Stratikos v. Department of Motor Vehicles

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477 P.2d 237 (1970)

Louis Anest STRATIKOS, Respondent, v. State of Oregon, DEPARTMENT OF MOTOR VEHICLES, Driver's License Division, Appellant.

Court of Appeals of Oregon, Department 1.

Argued and Submitted November 20, 1970.

Decided December 3, 1970.

*238 Al J. Laue, Asst. Atty. Gen., Salem, argued the cause for appellant. With him on the brief were Lee Johnson, Atty. Gen., and Jacob B. Tanzer, Sol. Gen., Salem.

Nicholas D. Zafiratos, Astoria, argued the cause and filed the brief for respondent.



This is an appeal by the Department of Motor Vehicles from judgment of the circuit court to which the case was tried without a jury. It was held that the plaintiff had not refused to take a breathalyzer test as required by the Act entitled "Implied Consent Law." ORS 482.540 through 482.580 and 483.634 through 483.646.

The Oregon Supreme Court in Heer v. Dept. of Motor Vehicles, 252 Or. 455, 450 P.2d 533 (1969), and Burbage v. Dept. of Motor Vehicles, 252 Or. 486, 450 P.2d 775 (1969), upheld the statutes. Burbage held that the appeal to the circuit court from the Department's administrative determination of loss of driver's license, provided by ORS 482.560, is a civil action.

The evidence was that after the plaintiff's arrest the arresting officer, having reasonable grounds to believe plaintiff was driving the vehicle and was under the influence of alcohol, requested him to submit to a breathalyzer test. The plaintiff answered, "I'll not take the test without my attorney present." The Department administratively found this was a refusal and imposed the statutory sanction of loss of driver's license. As previously noted, on appeal to the circuit court it was held that what plaintiff said did not amount to refusal to take the test.

Plaintiff asserts, "The key question is whether or not the taking of a breath test is at such a critical stage of a criminal proceeding so as to require the presence of counsel as guaranteed by Wade." (United States v. Wade, 388 U.S. 218, 87 S. Ct. 1926, 18 L. Ed. 2d 1149 (1967)). As noted above, Burbage holds that this is a civil proceeding. There is no threat to plaintiff's personal freedom. The only sanction is loss of driver's license for 90 days. ORS 483.634(3), inter alia, expressly provides that evidence of a refusal to take the test shall not be admissible in any criminal action.

Other jurisdictions in which the same question has been tried have rejected plaintiff's contention. In State v. Pandoli, 109 N.J. Super. 1, 262 A.2d 41 (1970), the petitioner contended that there was no flat refusal to take the test where he refused to take the test until he had an opportunity to call his attorney. As in the case at bar, the upshot of the demand was that he did not take the test. The court said:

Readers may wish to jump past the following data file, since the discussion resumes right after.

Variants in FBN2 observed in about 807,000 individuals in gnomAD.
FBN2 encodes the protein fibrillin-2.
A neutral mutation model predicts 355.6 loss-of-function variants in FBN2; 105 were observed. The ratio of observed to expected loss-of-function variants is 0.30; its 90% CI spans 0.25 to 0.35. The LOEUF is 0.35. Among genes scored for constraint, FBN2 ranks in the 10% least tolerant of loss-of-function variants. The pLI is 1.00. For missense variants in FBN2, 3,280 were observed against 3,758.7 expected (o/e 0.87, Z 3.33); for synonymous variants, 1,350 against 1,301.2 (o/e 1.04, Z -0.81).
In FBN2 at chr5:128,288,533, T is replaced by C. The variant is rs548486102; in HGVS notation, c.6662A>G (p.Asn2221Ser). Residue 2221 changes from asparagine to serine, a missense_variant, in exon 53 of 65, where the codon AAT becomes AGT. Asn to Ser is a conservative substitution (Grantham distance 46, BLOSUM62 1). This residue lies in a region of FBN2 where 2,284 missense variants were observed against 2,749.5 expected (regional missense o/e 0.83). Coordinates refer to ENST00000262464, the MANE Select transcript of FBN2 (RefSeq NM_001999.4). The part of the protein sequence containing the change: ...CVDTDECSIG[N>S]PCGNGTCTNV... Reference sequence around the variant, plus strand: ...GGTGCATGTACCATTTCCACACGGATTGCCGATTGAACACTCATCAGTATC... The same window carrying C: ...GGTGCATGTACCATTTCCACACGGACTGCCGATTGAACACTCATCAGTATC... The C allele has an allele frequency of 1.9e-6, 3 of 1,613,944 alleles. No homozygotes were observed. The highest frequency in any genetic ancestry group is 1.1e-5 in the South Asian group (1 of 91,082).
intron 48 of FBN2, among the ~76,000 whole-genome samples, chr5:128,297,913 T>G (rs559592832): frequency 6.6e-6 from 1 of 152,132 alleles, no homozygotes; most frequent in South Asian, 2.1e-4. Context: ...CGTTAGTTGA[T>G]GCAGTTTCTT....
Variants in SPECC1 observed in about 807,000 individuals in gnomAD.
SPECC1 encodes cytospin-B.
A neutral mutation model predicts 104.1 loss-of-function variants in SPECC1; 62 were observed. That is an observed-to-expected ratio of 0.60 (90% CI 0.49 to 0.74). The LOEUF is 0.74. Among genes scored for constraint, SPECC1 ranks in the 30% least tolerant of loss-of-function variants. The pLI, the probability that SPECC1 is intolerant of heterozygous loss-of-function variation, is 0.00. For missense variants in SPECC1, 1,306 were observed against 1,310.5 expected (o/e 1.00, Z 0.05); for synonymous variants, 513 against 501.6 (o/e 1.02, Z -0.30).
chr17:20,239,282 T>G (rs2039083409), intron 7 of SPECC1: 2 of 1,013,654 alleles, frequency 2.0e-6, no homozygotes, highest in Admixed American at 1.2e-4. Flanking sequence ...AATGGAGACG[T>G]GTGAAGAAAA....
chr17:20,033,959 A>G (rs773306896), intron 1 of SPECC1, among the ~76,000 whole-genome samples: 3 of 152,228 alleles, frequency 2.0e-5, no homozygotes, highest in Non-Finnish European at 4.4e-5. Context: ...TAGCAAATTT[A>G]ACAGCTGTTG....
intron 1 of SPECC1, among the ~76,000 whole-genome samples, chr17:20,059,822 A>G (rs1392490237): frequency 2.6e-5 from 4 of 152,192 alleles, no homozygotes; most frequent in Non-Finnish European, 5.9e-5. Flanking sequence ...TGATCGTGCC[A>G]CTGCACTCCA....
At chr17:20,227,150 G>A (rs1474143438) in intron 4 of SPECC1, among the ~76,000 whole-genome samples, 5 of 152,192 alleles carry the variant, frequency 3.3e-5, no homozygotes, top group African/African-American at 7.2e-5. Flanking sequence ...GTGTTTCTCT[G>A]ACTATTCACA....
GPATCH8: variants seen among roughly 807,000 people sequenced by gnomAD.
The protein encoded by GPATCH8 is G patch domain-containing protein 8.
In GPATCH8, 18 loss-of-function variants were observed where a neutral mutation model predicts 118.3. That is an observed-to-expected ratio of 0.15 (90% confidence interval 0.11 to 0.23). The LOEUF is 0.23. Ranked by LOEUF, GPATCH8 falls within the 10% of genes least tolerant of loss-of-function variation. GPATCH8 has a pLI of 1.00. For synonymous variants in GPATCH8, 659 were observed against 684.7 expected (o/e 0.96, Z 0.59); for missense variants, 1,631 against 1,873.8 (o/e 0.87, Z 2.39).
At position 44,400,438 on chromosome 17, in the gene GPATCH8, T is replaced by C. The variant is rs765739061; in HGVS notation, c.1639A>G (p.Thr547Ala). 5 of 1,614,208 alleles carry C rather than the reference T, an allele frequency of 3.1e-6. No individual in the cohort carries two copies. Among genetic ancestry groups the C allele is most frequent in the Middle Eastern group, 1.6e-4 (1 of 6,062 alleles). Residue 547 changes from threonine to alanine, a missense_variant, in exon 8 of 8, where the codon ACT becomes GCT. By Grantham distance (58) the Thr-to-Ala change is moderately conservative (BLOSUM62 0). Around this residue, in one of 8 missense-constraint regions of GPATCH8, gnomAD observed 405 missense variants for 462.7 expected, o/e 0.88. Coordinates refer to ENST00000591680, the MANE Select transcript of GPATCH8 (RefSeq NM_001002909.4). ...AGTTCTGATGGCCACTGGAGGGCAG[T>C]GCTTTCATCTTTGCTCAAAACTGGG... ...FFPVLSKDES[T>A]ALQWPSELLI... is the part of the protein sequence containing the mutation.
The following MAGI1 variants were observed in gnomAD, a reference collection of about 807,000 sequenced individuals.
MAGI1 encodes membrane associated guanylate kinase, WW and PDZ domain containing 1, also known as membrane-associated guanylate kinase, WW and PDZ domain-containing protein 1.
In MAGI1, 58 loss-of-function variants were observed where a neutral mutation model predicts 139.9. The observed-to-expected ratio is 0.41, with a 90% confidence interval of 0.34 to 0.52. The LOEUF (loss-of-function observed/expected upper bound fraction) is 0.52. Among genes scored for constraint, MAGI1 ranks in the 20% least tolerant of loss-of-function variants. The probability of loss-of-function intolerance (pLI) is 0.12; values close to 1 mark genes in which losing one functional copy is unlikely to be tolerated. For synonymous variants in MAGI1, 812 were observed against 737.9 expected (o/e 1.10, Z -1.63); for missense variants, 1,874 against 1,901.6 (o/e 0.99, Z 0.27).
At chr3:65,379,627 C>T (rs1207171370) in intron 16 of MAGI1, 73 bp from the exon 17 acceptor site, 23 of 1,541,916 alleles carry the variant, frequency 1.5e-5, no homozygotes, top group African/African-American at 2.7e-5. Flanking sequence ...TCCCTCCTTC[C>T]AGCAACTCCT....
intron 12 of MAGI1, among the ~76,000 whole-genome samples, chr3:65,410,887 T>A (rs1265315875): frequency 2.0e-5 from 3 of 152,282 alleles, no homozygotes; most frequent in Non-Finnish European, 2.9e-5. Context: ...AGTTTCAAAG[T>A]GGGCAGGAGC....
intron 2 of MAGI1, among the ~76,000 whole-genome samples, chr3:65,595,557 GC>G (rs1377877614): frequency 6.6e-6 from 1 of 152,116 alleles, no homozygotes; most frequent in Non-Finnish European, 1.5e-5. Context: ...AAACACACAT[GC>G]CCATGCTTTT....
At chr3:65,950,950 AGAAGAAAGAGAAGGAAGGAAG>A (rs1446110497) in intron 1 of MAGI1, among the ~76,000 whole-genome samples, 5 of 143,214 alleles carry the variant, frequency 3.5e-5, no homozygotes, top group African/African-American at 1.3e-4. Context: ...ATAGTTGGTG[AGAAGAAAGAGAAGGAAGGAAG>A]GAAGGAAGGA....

"* * * As a matter of law, defendant had no right to have the advice of an attorney before determining whether he would accede to the test, insofar as the sanction of revocation for refusal is concerned. See State v. Kenderski, 99 N.J. Super. 224, 229-230, 239 A.2d 249 (App.Div. 1968); Ent v. State, Department of Motor Vehicles, 265 Cal. App. 2d 936, 71 Cal. Rptr. 726 (Ct.App. 1968). "In any event, the request for consultation with counsel necessarily involved a delay in administration of the test. Having in mind the remedial purpose of the statute, and the rapidity with which *239 the passage of time and the physiological processes tend to eliminate evidence of ingested alcohol in the system, it is sensible to construe the statute to mean that anything substantially short of an unqualified, unequivocal assent to an officer's request that the arrested motorist take the test constitutes a refusal to do so. * * * The occasion is not one for debate, maneuver or negotiation, but rather for a simple `yes' or `no' to the officer's request." 109 N.J. Super. at 4, 262 A.2d at 42.

A line of California cases has held that a qualified refusal to take the test, the qualification being that attorney or physician be present, is a refusal calling for loss of driver's license, and this is so even though the equivocation causes only 30 to 40 minutes loss of time in administering the test. Ent v. Department of Motor Vehicles, 265 Cal. App. 2d 936, 71 Cal. Rptr. 726 (1968) (cited in Pandoli, supra); People v. Sudduth, 65 Cal. 2d 543, 55 Cal. Rptr. 393, 421 P.2d 401, cert. denied 389 U.S. 850, 88 S. Ct. 43, 19 L. Ed. 2d 119 (1967); Finley v. Orr, 262 Cal. App. 2d 656, 69 Cal. Rptr. 137 (1968); Fallis v. Department of Motor Vehicles, 264 Cal. App. 2d 373, 70 Cal. Rptr. 595 (1968); Zidell v. Bright, 264 Cal. App. 2d 867, 71 Cal. Rptr. 111 (1968).

To the same effect see People v. Gursey, 22 N.Y.2d 224, 292 N.Y.S.2d 416, 239 N.E.2d 351, 353 (1968), and the determination of an allied question in Collins v. Secretary of State, 19 Mich. App. 498, 507, 172 N.W.2d 879 (1969). We have been cited, and we have found, no decision to the contrary.

Ent, supra, indicates that if the case were criminal in nature, the holding of Wade, supra, would not require the presence of counsel on the accused's demand therefor. See also, Schmerber v. California, 384 U.S. 757, 86 S. Ct. 1826, 16 L. Ed. 2d 908 (1966). However, we find it unnecessary to consider the question.

Reversed, with instructions to reinstate the order of the Department of Motor Vehicles suspending plaintiff's driver's license.

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